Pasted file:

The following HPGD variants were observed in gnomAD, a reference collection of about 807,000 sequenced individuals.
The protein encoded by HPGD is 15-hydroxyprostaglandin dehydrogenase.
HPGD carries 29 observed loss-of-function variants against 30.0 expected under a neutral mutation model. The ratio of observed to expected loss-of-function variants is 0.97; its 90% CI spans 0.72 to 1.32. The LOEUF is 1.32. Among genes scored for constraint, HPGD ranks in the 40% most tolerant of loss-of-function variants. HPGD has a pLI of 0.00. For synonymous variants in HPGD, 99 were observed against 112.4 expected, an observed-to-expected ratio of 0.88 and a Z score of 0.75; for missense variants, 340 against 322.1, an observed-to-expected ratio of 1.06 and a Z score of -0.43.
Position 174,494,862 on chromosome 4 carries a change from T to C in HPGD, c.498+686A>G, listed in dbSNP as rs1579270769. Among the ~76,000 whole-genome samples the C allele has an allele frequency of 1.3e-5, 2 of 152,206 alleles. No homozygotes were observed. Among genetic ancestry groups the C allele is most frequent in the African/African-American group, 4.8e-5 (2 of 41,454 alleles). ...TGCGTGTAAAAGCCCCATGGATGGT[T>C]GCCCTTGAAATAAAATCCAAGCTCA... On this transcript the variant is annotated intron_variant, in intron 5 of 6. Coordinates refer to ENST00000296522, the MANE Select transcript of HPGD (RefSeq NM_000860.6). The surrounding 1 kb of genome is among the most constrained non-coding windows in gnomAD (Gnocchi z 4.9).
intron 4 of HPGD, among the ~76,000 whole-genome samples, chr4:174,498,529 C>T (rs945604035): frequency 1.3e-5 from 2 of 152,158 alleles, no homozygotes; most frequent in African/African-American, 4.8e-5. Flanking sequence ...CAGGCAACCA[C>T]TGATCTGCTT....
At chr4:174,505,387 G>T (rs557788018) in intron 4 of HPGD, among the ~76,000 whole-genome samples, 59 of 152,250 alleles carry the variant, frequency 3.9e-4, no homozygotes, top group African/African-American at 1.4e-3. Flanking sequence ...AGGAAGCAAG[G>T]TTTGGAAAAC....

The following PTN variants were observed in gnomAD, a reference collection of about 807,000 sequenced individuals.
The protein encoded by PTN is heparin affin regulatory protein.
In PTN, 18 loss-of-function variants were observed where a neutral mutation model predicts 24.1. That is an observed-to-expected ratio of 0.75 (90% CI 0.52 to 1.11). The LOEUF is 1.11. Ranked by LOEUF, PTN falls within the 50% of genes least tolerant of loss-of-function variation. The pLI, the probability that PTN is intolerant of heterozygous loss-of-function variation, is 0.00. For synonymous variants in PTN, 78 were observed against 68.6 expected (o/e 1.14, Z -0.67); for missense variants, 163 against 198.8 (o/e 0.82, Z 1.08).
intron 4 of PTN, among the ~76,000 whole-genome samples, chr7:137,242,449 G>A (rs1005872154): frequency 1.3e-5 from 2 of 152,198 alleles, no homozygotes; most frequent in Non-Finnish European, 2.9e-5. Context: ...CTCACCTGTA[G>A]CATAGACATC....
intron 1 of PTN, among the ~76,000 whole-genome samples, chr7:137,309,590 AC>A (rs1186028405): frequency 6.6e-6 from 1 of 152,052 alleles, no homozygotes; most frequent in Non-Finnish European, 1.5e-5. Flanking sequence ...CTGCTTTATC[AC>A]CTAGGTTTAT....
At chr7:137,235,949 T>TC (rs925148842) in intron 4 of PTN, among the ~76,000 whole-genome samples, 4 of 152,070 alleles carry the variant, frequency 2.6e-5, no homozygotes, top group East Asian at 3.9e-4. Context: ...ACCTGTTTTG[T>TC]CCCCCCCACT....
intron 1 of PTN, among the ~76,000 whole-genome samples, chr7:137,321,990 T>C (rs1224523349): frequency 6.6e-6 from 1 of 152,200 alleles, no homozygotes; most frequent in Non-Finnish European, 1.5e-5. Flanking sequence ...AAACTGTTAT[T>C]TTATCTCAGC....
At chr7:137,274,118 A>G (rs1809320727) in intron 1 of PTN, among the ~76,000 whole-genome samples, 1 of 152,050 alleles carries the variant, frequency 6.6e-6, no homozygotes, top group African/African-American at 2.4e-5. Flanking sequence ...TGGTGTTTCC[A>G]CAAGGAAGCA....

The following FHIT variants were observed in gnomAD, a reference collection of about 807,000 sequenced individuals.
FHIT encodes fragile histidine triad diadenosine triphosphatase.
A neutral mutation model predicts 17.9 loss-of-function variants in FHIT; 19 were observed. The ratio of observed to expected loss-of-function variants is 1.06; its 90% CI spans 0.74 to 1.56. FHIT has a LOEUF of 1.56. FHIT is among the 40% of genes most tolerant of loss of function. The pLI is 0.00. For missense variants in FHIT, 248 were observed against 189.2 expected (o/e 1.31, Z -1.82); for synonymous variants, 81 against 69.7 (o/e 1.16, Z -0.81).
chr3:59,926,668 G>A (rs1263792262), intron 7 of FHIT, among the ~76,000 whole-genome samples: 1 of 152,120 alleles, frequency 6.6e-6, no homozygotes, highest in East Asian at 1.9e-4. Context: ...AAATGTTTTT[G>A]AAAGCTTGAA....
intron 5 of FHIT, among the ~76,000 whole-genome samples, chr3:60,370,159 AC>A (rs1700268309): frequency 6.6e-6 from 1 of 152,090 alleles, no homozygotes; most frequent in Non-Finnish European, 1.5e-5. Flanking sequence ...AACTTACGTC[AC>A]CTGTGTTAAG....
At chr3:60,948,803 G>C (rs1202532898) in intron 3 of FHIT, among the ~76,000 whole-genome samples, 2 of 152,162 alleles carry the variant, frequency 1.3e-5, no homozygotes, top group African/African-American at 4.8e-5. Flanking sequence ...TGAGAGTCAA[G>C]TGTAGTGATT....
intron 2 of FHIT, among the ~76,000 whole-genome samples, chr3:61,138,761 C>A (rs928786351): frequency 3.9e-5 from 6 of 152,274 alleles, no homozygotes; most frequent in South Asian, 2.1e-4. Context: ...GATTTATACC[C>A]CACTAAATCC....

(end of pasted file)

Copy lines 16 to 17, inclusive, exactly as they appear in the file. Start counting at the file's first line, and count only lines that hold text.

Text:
FHIT encodes fragile histidine triad diadenosine triphosphatase.
A neutral mutation model predicts 17.9 loss-of-function variants in FHIT; 19 were observed. The ratio of observed to expected loss-of-function variants is 1.06; its 90% CI spans 0.74 to 1.56. FHIT has a LOEUF of 1.56. FHIT is among the 40% of genes most tolerant of loss of function. The pLI is 0.00. For missense variants in FHIT, 248 were observed against 189.2 expected (o/e 1.31, Z -1.82); for synonymous variants, 81 against 69.7 (o/e 1.16, Z -0.81).